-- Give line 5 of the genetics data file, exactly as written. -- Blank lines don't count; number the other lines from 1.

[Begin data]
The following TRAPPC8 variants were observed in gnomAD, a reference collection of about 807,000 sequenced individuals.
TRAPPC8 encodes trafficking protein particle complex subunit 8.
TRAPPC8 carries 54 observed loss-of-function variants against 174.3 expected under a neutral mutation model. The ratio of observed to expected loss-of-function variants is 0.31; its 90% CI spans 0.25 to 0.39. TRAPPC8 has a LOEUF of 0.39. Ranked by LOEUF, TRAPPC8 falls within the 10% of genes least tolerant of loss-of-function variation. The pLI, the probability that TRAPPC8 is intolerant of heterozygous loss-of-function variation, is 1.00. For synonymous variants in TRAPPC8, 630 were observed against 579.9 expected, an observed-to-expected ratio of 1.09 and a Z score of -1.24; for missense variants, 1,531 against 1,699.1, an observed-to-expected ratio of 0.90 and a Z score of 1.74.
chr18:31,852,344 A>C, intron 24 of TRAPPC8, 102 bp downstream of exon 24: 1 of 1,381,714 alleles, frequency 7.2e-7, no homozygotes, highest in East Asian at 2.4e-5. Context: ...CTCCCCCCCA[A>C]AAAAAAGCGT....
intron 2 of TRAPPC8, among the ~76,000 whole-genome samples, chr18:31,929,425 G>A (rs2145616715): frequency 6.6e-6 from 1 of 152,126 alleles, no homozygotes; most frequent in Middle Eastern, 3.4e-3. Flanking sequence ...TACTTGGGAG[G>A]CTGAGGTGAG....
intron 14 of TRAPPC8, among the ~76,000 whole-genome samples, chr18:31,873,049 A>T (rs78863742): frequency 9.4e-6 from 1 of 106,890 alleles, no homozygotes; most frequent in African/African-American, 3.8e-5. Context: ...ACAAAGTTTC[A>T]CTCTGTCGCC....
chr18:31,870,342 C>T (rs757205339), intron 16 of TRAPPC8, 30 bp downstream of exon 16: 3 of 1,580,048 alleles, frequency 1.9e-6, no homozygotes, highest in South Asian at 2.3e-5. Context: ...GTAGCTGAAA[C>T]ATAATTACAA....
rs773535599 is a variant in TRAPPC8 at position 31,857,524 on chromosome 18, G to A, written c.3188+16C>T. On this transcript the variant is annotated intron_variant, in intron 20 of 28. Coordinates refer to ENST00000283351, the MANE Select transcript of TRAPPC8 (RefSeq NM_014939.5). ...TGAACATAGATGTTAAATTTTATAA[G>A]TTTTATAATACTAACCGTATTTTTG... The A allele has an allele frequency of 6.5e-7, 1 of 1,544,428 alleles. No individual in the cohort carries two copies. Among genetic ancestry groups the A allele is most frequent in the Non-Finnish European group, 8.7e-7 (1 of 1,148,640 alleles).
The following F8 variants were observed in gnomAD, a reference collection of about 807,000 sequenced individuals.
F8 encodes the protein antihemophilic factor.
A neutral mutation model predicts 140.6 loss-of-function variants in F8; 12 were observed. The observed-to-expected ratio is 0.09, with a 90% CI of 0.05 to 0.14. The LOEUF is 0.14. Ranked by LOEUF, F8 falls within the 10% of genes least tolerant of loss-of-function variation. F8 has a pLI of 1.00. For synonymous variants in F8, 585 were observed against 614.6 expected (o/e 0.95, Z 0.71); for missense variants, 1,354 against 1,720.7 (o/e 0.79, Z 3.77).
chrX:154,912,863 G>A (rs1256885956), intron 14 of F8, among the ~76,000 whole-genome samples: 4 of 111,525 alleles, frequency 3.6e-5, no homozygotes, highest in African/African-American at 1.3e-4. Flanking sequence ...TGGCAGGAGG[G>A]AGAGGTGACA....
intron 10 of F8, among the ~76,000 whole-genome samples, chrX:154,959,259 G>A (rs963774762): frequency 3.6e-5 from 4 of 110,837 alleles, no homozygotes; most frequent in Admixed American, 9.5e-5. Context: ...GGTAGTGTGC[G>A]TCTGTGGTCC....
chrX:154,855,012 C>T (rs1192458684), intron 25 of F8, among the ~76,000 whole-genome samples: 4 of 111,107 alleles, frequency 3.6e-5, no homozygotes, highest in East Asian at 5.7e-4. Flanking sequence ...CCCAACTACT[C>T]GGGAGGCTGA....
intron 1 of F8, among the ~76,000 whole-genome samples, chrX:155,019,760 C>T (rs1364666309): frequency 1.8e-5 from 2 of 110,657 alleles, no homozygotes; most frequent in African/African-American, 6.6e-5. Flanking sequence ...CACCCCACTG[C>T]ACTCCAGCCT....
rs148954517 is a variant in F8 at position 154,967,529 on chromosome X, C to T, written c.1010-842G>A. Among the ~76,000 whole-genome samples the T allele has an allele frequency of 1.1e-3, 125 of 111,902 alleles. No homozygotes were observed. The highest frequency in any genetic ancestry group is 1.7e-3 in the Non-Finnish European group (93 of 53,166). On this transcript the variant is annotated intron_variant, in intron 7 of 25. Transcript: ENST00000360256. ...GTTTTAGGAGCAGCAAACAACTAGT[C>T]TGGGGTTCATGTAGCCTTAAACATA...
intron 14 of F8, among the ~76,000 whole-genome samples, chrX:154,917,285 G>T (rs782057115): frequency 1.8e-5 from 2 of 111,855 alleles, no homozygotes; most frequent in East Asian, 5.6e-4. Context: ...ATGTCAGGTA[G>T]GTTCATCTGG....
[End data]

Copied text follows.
intron 2 of TRAPPC8, among the ~76,000 whole-genome samples, chr18:31,929,425 G>A (rs2145616715): frequency 6.6e-6 from 1 of 152,126 alleles, no homozygotes; most frequent in Middle Eastern, 3.4e-3. Flanking sequence ...TACTTGGGAG[G>A]CTGAGGTGAG....